#6 Setright

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Posted 18 February 2005 - 02:12 AM

I disagree with Scott.

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Posted 18 February 2005 - 06:42 AM

When I re-read everything, I think I agree with both of you.

This is why...

Your point is just correct. If you could go to a bigger wheel with the same offset and have no rubbing issues then great.

However, more often than not, an increase in wheel width may present inherhent rubbing issues. Then, you could take my buddies equations and find a compromisable offset to fit your needs.

OR....I'm still misunderstanding something here and causing lots of confusion.:banghead:

#8 Setright

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Posted 18 February 2005 - 10:38 AM

To clarify my point: The offset is in relation to the CENTER of the rim. Nevermind the absolute width, it's the offset that denotes the length of the lever that "carries" wheel forces into the hub.

#9 Porter

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Posted 18 February 2005 - 10:57 AM

The major factor that plays into wheel offset choices is not tire load per se, nor is it specifically clearance, though clearance is obviously necessary and must be the first consideration.

The primary focus in choosing an offset should be STEERING AXIS. Moving the contact patch in or out on the assembly affects the axis of steering greatly. The factory places the steering axis roughly in the center of the contact patch, perhaps a bit inside. Making adjustments to camber to the positive side (+55,+57) to make the tire load even will pull the steering center to the outside of the tire, causing very strange steering response. Making the offset lower, i.e. +48 when paired with a 7.5" width, keeps the steering center closer to the factory axis and preserves the steering response as designed.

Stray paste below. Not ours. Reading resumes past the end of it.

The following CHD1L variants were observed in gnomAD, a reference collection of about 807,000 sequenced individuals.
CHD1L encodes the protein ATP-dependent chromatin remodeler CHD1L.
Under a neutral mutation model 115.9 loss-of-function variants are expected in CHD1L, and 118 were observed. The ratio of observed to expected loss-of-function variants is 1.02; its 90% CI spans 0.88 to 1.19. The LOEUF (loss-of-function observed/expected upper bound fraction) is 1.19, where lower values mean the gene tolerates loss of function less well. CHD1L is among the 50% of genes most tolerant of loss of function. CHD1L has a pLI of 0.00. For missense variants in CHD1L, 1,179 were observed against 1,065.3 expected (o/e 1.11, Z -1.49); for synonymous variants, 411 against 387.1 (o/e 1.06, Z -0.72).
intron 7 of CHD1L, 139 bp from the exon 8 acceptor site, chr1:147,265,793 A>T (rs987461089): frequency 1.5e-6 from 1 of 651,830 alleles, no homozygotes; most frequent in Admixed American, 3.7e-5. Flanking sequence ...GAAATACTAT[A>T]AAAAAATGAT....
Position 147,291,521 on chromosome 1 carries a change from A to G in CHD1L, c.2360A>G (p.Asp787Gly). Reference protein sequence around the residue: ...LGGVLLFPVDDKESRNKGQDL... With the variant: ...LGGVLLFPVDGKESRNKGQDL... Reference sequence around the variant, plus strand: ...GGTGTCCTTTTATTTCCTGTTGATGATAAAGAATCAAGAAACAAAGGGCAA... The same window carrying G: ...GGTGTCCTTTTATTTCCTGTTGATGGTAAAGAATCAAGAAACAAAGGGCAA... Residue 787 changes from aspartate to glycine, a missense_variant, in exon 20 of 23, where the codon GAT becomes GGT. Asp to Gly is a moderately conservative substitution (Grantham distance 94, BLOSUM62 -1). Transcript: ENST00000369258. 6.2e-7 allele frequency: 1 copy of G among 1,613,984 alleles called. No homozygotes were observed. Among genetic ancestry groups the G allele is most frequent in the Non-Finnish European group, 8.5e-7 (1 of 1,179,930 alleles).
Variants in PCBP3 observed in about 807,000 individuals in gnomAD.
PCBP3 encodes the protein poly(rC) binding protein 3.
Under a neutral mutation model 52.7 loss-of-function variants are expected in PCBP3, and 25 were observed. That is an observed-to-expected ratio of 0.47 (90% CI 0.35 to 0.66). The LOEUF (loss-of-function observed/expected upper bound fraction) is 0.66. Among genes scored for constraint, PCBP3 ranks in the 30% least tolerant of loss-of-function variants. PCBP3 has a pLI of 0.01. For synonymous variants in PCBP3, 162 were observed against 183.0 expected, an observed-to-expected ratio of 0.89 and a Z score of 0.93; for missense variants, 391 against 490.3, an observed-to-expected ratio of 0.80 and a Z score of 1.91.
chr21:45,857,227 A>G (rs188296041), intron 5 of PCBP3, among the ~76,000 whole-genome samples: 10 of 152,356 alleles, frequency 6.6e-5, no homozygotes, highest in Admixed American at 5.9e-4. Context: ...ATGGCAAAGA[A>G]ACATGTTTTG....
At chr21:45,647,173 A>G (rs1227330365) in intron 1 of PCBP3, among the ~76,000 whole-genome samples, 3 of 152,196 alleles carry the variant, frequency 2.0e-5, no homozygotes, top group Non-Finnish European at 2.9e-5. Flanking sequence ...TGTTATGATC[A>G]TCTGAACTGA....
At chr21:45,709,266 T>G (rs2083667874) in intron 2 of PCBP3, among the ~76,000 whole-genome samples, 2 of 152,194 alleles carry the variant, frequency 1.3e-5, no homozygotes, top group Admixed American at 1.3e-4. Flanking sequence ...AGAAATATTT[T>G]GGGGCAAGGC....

I know of several autocrossers with STis that are running VERY low offsets (+10, +14) on very wide wheels (10", 11") and are not experiencing real-world tire load problems or steering axis issues.

Don't forget the impact that camber has on tire loading, and the change that occurs during cornering.

#10 blitz

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Posted 18 February 2005 - 11:06 AM

To clarify my point: The offset is in relation to the CENTER of the rim. Nevermind the absolute width, it's the offset that denotes the length of the lever that "carries" wheel forces into the hub.


I like the idea of optionally being able to express the offset as a percentage of wheel width. It gives a good indication of distributed forces (leverage) and the resulting influence on the wheel's directional path.

I can understand that the standard spec is given as a distance for reasons of calculating fitment and clearance, etc. This thread's really helped me to arrive at that intuitive grasp of exactly what I was hoping to find.

It's common in rural areas now, but years ago one of the unique aspects of living in a hip-hop city was witnessing the bizzarre vehicle wheel fitments for no other purpose than to make visual statments. I'm always fearful of driving alongside some of these vehicles because the handling is so obviously treacherous. That ain't my thing tho. My idea of modification is to keep the essential look of the vehicle while making incrimental functional improvements AND simultaneously being careful to minimize any downside. I'm a geek.